Groupon CEO Andrew Mason took to the web again Thursday to announce that the group-discount company will be pulling its controversial Super Bowl ads from the airwaves. In the blog post, Mason took personal responsibility for the ads and wrote that they will be replaced by “something less polarizing.”
The ads were the creation of Crispin Porter + Bogusky, the Boulder, Colorado-based ad agency that was the subject of a recent Fast Company profile. Five days after critics accused the agency’s ads of trivializing the political struggle in Tibet, Mason has decided the Super Bowl spots went too far.
“One thing is clear–our ads offended a lot of people,” he wrote. (A firestorm of comments from Fast Company readers about the commercial certainly confirms this fact.) “We hate that we offended people, and we’re sorry that we did it.”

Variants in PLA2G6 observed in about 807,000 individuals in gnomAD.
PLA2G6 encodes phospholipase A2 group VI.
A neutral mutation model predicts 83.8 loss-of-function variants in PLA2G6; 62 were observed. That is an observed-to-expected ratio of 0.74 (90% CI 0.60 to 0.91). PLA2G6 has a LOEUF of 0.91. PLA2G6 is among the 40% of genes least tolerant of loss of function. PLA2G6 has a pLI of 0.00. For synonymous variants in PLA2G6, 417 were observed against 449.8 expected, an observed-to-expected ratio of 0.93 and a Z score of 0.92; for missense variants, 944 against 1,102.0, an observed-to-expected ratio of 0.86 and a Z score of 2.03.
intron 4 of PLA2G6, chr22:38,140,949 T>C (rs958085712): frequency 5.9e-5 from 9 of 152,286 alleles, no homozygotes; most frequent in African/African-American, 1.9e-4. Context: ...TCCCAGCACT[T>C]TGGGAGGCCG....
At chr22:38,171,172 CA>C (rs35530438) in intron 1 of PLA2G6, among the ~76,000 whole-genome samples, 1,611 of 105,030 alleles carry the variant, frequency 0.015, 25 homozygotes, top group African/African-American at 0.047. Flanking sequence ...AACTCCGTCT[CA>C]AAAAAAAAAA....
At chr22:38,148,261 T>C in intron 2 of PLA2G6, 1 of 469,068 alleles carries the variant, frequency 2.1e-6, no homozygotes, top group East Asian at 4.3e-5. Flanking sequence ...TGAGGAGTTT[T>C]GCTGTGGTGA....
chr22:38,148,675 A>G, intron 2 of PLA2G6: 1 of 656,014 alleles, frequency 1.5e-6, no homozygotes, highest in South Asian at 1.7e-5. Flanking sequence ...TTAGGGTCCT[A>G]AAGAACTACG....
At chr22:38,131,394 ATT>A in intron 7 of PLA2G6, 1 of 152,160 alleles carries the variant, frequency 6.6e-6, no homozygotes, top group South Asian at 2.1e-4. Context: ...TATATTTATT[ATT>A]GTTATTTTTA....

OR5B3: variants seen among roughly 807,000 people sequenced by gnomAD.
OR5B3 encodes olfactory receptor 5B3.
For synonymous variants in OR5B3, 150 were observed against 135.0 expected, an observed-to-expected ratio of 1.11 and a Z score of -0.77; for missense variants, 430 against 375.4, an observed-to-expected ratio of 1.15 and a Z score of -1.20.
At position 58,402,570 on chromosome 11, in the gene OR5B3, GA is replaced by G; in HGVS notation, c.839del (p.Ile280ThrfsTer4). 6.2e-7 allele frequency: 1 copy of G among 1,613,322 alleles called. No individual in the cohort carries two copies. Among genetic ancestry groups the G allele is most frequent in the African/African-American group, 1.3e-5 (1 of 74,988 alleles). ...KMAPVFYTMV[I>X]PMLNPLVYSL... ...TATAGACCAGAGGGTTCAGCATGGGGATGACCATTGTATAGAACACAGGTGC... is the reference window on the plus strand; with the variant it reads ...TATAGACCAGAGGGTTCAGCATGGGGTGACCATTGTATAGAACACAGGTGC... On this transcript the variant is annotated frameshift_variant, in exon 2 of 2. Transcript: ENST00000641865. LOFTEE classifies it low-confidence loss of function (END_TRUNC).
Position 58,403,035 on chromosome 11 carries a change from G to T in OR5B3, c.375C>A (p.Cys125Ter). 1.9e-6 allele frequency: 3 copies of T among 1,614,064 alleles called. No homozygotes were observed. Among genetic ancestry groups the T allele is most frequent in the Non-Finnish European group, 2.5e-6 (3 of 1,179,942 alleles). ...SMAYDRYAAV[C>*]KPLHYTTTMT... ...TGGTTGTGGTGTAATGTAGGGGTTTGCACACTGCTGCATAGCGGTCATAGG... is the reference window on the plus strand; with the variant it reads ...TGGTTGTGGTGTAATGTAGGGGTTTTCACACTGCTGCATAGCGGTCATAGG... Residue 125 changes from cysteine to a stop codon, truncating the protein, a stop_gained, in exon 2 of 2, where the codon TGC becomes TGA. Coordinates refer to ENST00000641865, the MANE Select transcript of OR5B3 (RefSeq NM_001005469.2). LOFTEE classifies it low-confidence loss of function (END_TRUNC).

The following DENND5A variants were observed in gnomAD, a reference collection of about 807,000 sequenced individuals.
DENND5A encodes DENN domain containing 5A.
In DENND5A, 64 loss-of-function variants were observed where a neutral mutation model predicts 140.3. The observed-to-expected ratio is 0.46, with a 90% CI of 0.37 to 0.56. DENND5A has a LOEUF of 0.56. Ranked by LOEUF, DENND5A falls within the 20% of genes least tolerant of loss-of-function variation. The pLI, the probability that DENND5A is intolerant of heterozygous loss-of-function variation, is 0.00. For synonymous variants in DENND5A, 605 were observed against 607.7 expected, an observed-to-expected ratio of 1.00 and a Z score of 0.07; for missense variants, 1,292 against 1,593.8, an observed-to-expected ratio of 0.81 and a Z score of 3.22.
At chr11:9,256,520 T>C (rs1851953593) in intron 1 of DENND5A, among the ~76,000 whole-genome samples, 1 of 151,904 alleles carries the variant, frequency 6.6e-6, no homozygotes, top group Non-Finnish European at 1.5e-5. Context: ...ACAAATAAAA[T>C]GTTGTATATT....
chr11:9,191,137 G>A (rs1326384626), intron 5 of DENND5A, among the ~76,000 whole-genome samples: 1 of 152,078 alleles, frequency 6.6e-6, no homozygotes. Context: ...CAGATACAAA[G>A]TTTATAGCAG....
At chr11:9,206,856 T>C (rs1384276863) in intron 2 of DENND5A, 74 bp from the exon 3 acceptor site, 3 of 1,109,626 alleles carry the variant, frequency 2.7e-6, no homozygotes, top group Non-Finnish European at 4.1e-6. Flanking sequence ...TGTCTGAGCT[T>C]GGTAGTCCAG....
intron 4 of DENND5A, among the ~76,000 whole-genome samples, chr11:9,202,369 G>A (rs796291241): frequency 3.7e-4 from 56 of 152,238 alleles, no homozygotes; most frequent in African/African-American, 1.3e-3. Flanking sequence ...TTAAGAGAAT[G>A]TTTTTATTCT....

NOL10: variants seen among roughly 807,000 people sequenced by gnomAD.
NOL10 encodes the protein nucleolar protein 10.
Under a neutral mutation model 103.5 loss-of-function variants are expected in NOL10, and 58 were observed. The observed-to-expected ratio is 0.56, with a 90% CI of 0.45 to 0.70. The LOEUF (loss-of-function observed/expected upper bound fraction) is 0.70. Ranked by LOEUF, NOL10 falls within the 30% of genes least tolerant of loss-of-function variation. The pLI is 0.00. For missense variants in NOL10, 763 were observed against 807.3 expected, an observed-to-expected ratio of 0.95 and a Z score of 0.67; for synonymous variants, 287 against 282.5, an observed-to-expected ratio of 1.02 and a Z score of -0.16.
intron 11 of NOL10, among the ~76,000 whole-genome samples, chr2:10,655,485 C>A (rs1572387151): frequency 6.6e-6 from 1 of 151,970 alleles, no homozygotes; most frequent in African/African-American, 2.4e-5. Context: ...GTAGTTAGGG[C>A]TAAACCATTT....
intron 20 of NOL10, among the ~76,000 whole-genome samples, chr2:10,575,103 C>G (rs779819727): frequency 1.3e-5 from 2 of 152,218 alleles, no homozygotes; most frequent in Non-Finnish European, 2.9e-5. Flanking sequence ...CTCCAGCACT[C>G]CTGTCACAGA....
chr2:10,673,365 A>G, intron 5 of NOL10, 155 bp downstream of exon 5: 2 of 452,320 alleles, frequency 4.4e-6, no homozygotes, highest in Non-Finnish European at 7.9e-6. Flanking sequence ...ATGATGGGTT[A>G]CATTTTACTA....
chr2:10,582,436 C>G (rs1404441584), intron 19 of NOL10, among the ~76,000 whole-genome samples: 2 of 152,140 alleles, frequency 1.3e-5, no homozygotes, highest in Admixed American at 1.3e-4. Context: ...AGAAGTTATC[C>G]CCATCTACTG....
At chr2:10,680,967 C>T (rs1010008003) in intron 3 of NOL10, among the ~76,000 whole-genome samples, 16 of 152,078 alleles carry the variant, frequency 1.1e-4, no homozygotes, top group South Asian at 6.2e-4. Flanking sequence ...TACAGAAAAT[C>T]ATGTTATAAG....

Versions of the ad uploaded to YouTube by Groupon were also set to “private” and not viewable by the general public, although others have posted unofficial rips of the spots.
Though Mason did not name Crispin Porter + Bogusky by name in the apology (he mentioned them in an earlier post), he did publicly criticize their work. “If an ad requires an explanation, that means it didn’t work,” Mason said. “Clearly the execution was off and the joke didn’t come through.”
Will the replacement ads come from Crispin Porter + Bogusky or a different agency? Will the CP+B accept responsibility for the ads as well?
Requests Crispin Porter + Bogusky for comment were not immediately returned.
“We certainly aren’t trying to be the kind of company that builds its brand on creating controversy,” Mason concluded in his blog post. “We think the quality of our product is a much stronger message.”
A Groupon spokesperson declined to comment beyond Mason’s post, adding only, “I would tell America to stay tuned.”